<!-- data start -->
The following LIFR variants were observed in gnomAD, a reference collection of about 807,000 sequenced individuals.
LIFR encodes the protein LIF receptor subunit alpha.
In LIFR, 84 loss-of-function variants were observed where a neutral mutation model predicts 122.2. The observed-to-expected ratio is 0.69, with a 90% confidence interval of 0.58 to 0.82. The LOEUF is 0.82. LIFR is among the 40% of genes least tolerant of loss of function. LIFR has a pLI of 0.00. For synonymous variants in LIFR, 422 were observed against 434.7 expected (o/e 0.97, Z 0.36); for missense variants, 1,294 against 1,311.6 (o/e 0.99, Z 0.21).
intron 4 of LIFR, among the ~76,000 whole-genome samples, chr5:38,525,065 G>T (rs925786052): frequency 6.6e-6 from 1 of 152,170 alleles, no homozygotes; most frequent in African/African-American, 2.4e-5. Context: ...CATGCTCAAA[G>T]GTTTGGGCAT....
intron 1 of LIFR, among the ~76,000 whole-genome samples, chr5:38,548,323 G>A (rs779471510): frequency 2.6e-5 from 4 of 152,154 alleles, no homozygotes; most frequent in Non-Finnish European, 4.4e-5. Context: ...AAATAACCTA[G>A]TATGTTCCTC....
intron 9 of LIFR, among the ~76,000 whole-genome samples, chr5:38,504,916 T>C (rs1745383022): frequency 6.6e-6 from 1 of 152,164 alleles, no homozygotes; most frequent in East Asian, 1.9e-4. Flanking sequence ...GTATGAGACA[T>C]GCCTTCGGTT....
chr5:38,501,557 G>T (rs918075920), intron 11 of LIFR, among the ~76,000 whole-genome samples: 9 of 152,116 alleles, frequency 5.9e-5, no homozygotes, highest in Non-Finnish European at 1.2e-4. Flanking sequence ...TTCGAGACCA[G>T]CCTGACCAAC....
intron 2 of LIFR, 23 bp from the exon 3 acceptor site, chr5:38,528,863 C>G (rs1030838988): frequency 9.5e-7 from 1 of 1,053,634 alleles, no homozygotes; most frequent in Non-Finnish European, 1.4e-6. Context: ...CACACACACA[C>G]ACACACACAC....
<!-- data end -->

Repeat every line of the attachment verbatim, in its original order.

The following LIFR variants were observed in gnomAD, a reference collection of about 807,000 sequenced individuals.
LIFR encodes the protein LIF receptor subunit alpha.
In LIFR, 84 loss-of-function variants were observed where a neutral mutation model predicts 122.2. The observed-to-expected ratio is 0.69, with a 90% confidence interval of 0.58 to 0.82. The LOEUF is 0.82. LIFR is among the 40% of genes least tolerant of loss of function. LIFR has a pLI of 0.00. For synonymous variants in LIFR, 422 were observed against 434.7 expected (o/e 0.97, Z 0.36); for missense variants, 1,294 against 1,311.6 (o/e 0.99, Z 0.21).
intron 4 of LIFR, among the ~76,000 whole-genome samples, chr5:38,525,065 G>T (rs925786052): frequency 6.6e-6 from 1 of 152,170 alleles, no homozygotes; most frequent in African/African-American, 2.4e-5. Context: ...CATGCTCAAA[G>T]GTTTGGGCAT....
intron 1 of LIFR, among the ~76,000 whole-genome samples, chr5:38,548,323 G>A (rs779471510): frequency 2.6e-5 from 4 of 152,154 alleles, no homozygotes; most frequent in Non-Finnish European, 4.4e-5. Context: ...AAATAACCTA[G>A]TATGTTCCTC....
intron 9 of LIFR, among the ~76,000 whole-genome samples, chr5:38,504,916 T>C (rs1745383022): frequency 6.6e-6 from 1 of 152,164 alleles, no homozygotes; most frequent in East Asian, 1.9e-4. Flanking sequence ...GTATGAGACA[T>C]GCCTTCGGTT....
chr5:38,501,557 G>T (rs918075920), intron 11 of LIFR, among the ~76,000 whole-genome samples: 9 of 152,116 alleles, frequency 5.9e-5, no homozygotes, highest in Non-Finnish European at 1.2e-4. Flanking sequence ...TTCGAGACCA[G>T]CCTGACCAAC....
intron 2 of LIFR, 23 bp from the exon 3 acceptor site, chr5:38,528,863 C>G (rs1030838988): frequency 9.5e-7 from 1 of 1,053,634 alleles, no homozygotes; most frequent in Non-Finnish European, 1.4e-6. Context: ...CACACACACA[C>G]ACACACACAC....